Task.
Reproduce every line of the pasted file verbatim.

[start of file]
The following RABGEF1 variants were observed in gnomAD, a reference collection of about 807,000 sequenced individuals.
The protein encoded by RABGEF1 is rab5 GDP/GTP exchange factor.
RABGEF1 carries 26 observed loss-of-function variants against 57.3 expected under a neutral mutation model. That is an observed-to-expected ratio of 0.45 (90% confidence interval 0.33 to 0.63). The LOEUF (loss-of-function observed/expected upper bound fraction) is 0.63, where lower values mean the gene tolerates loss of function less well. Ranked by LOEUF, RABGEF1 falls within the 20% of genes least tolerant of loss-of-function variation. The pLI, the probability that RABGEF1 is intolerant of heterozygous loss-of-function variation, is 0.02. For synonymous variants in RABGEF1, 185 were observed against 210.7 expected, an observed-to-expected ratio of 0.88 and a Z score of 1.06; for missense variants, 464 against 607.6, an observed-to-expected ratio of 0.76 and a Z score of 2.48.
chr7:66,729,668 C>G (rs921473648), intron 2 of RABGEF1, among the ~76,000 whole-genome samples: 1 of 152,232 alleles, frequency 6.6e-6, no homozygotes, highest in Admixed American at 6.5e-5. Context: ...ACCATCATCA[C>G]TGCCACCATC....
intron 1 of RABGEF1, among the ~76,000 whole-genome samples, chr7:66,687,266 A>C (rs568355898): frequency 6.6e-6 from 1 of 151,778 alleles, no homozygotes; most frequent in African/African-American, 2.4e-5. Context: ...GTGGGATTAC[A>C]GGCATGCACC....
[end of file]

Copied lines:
The following RABGEF1 variants were observed in gnomAD, a reference collection of about 807,000 sequenced individuals.
The protein encoded by RABGEF1 is rab5 GDP/GTP exchange factor.
RABGEF1 carries 26 observed loss-of-function variants against 57.3 expected under a neutral mutation model. That is an observed-to-expected ratio of 0.45 (90% confidence interval 0.33 to 0.63). The LOEUF (loss-of-function observed/expected upper bound fraction) is 0.63, where lower values mean the gene tolerates loss of function less well. Ranked by LOEUF, RABGEF1 falls within the 20% of genes least tolerant of loss-of-function variation. The pLI, the probability that RABGEF1 is intolerant of heterozygous loss-of-function variation, is 0.02. For synonymous variants in RABGEF1, 185 were observed against 210.7 expected, an observed-to-expected ratio of 0.88 and a Z score of 1.06; for missense variants, 464 against 607.6, an observed-to-expected ratio of 0.76 and a Z score of 2.48.
chr7:66,729,668 C>G (rs921473648), intron 2 of RABGEF1, among the ~76,000 whole-genome samples: 1 of 152,232 alleles, frequency 6.6e-6, no homozygotes, highest in Admixed American at 6.5e-5. Context: ...ACCATCATCA[C>G]TGCCACCATC....
intron 1 of RABGEF1, among the ~76,000 whole-genome samples, chr7:66,687,266 A>C (rs568355898): frequency 6.6e-6 from 1 of 151,778 alleles, no homozygotes; most frequent in African/African-American, 2.4e-5. Context: ...GTGGGATTAC[A>C]GGCATGCACC....